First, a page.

Income and benefits
According to the Bureau of Labor Statistics, the median annual wage for flooring installers in the United States was $42,050 in May 2019. The lowest 10 percent earned less than $25,780, and the highest 10 percent earned more than $74,630.
The top paying industry was the construction of buildings, where the median annual salary was $44,240. This was followed by home furnishing stores ($41,050) and manufacturing ($36,390).
Autonomy and Flexibility
The level of autonomy and flexibility for a flooring installer will vary depending on the amount of experience they have. For instance, a flooring installer who is in their early training will have virtually no control over their decisions or how they plan their days. Whereas, flooring installers who have worked in the industry for years, or own their own business, will have more control over their decisions and how they arrange their day (e.g., when they meet clients, where they order their material from).
Locations and commute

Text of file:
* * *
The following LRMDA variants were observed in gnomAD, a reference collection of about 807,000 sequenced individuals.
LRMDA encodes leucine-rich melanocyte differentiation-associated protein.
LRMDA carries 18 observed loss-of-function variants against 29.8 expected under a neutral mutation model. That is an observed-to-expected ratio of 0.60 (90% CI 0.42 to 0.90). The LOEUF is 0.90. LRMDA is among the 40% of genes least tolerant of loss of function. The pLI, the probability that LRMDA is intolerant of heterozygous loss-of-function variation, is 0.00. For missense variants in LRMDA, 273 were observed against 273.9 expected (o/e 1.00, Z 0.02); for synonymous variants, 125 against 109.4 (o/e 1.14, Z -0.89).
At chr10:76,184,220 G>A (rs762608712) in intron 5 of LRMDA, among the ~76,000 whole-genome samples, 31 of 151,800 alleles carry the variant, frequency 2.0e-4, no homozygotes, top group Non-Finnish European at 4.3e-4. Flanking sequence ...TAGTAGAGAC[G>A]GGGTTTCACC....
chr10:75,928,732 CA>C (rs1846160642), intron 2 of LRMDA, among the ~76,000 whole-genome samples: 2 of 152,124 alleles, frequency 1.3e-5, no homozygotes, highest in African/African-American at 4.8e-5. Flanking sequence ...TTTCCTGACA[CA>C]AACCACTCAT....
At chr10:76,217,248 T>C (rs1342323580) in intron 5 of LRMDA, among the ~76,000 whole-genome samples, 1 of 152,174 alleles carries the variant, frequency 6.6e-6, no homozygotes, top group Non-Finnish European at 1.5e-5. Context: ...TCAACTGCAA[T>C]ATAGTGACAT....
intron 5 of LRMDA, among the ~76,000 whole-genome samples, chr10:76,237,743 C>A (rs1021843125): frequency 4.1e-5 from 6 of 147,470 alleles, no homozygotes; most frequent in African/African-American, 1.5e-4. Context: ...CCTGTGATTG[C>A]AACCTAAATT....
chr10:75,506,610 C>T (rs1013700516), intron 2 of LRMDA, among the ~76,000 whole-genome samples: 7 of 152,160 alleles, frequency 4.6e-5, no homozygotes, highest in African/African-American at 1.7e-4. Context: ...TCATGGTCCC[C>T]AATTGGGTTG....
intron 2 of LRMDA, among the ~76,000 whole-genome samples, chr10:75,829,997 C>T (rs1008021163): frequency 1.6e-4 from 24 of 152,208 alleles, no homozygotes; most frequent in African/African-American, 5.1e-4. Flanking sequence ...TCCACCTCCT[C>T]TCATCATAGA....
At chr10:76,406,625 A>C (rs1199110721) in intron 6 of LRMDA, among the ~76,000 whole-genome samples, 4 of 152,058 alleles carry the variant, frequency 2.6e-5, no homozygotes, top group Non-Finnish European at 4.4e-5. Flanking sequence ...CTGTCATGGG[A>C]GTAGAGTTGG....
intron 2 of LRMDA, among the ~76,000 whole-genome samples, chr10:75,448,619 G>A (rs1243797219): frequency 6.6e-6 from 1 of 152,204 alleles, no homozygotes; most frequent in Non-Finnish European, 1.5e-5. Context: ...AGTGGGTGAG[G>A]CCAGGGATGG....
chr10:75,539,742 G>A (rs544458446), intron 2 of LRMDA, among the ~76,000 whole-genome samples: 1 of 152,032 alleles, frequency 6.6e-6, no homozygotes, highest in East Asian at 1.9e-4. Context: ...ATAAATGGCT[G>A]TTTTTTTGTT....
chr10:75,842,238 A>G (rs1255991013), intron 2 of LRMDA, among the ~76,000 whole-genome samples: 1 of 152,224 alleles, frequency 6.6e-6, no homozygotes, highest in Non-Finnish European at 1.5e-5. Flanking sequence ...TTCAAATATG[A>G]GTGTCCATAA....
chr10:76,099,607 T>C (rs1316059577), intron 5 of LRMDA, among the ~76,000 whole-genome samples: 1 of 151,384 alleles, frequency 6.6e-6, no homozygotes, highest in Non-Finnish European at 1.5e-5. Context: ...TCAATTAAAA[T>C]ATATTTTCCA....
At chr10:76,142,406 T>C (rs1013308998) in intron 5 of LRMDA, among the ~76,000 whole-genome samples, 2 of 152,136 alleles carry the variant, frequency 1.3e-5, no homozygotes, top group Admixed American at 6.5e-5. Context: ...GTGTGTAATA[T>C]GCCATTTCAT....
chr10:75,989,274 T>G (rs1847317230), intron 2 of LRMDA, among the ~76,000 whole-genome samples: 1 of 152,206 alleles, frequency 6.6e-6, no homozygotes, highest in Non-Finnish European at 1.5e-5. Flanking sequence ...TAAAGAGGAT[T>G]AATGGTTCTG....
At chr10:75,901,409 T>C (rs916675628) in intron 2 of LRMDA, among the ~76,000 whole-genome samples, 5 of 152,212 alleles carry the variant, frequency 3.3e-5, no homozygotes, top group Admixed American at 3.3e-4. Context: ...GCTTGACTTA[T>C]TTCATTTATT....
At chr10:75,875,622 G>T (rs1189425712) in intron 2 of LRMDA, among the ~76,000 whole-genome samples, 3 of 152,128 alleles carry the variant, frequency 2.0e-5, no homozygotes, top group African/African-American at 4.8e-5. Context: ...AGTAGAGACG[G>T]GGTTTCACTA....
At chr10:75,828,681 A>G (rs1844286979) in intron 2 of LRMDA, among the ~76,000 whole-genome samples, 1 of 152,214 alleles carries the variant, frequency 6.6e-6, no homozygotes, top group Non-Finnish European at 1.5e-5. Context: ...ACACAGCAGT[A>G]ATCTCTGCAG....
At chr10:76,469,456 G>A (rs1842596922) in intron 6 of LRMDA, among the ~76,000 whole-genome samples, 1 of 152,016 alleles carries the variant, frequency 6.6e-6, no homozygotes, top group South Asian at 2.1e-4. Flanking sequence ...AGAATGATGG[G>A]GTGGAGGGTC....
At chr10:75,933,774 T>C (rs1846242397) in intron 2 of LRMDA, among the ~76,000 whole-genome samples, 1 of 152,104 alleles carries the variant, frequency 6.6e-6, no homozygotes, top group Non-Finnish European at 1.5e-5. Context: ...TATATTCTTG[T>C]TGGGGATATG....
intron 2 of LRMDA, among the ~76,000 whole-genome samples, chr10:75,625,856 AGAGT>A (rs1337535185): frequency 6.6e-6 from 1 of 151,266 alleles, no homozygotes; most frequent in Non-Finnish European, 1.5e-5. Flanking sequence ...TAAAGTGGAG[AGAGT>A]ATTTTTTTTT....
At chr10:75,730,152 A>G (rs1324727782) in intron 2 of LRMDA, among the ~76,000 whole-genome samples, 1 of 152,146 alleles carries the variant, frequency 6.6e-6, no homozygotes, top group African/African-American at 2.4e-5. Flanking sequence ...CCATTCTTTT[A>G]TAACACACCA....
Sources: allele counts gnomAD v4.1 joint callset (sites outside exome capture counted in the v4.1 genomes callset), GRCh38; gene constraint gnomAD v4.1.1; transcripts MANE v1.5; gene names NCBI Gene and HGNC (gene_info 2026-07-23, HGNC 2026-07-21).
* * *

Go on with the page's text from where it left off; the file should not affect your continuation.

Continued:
According to Zippia, the best states to be a flooring installer, based on average annual salary and number of jobs available, are:
- South Carolina, where the average annual salary is $57,908
- North Carolina, where the average annual salary is $58,515
- Florida, where the average annual salary is $48,535
- Tennessee, where the average annual salary is $45,360
- Virginia, where the average annual salary is $50,017
The worst states to be a flooring installer, according to Zippia, are Montana, Alaska, California, Washington and Minnesota.
28% of flooring installers in the United States were self-employed workers. 8% of flooring installers were employed by home furnishing stores, 4% by the manufacturing industry and 4% by the construction of buildings.
The work of a flooring installer can be very physically demanding, as workers tend to spend much of their time reaching, bending and kneeling. They will wear protective clothing (e.g., kneepads, safety goggles and dust masks), but work related injury and illness is still common.